The world finds itself at a critical juncture. Together, we face multiple compounding problems, but there is enormous opportunity to discover solutions and expand innovation frontiers. The impact of climate change is felt more harshly by the year, but innovation can mitigate this impact; the growth of chronic health conditions and the widening global inequity in access to healthcare can be reversed; an ever more complex, connected and digitally driven world poses a multiplicity of societal challenges but also makes rapid, positive, life-changing technological change possible – if harnessed and directed properly.
We believe no challenge is unsolvable. Challenge Works partners with organisations, charities and governments around the globe to unearth the entrepreneurs and their innovations that can solve the greatest challenges of our time.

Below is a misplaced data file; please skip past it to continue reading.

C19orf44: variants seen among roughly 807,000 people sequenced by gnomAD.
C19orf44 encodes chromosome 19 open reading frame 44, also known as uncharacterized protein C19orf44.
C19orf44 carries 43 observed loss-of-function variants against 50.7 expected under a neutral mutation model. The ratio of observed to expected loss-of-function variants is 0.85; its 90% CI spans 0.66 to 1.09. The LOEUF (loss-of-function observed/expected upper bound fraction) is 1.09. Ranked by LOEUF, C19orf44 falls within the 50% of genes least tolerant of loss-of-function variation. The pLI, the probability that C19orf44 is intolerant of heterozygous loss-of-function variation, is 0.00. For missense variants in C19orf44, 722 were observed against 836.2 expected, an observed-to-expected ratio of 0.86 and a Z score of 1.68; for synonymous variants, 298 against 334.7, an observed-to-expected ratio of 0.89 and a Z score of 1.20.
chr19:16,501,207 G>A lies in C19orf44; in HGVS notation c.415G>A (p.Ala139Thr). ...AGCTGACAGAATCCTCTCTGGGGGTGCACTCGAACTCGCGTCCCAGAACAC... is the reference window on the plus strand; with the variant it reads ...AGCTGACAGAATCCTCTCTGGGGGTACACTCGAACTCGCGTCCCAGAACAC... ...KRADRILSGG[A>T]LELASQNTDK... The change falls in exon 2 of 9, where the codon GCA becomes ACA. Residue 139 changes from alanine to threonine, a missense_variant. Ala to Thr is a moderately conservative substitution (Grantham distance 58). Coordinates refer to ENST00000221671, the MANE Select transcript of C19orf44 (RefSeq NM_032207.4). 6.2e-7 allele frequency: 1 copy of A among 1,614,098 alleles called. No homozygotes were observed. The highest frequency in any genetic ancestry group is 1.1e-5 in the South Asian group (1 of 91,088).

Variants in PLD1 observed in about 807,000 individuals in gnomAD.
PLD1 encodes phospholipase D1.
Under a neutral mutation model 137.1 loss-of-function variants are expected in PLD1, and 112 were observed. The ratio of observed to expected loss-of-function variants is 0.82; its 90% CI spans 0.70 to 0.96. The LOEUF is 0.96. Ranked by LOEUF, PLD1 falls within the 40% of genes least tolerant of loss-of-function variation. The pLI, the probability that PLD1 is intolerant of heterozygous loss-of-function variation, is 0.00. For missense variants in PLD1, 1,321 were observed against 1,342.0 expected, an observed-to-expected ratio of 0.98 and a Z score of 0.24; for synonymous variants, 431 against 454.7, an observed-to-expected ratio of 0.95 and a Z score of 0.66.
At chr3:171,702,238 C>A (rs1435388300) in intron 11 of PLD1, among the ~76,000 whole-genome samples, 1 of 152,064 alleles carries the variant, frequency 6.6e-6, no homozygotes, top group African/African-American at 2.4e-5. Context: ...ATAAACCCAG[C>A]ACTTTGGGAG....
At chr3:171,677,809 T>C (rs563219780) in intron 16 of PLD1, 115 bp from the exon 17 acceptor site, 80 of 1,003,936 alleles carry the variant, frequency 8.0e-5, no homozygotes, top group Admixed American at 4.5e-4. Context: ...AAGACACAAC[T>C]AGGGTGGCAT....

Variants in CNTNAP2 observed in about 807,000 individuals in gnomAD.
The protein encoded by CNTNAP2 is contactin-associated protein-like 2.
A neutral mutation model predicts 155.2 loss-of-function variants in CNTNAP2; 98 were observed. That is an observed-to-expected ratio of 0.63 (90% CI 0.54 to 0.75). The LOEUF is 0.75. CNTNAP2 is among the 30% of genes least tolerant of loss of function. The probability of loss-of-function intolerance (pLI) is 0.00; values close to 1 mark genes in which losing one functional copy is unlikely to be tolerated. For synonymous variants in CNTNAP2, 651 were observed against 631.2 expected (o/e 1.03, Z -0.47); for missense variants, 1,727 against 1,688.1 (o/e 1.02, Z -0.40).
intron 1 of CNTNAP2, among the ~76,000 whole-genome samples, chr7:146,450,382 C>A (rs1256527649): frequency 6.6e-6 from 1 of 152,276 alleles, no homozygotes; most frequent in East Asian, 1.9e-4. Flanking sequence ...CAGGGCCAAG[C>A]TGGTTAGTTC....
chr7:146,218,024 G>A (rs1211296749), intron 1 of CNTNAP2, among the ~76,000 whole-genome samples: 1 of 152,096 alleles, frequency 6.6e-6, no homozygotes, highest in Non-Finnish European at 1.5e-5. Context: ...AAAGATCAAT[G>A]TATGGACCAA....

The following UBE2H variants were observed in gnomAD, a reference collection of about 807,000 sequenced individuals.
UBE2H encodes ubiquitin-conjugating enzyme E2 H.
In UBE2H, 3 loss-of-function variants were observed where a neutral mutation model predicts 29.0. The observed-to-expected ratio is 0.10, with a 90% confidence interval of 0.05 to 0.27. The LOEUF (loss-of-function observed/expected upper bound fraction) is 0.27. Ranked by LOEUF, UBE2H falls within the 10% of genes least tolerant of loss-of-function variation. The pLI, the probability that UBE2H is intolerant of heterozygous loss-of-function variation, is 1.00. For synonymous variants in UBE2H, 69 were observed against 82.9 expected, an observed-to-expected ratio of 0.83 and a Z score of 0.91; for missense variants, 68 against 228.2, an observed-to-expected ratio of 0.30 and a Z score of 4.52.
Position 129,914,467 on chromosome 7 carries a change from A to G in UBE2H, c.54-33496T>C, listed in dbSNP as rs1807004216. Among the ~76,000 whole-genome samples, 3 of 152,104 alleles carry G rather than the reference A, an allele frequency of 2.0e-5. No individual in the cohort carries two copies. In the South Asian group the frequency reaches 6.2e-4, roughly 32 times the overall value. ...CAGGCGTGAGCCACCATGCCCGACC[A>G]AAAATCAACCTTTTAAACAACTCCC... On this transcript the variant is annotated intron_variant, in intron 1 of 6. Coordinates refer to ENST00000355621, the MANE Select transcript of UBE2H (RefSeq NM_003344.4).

Challenge prizes champion open innovation through competition. We specify a problem that needs solving, but not what the solution should be. We offer large cash incentives to encourage diverse innovators to apply their ingenuity to solving the problem. The most promising solutions are rewarded with seed funding and expert capacity building support, so that they can prove their impact and effectiveness. The first or best innovation to solve the problem wins. This approach levels the playing field for unknown and previously untested innovators so that the best ideas, no matter their origin, are brought to bear on the most difficult of global challenges.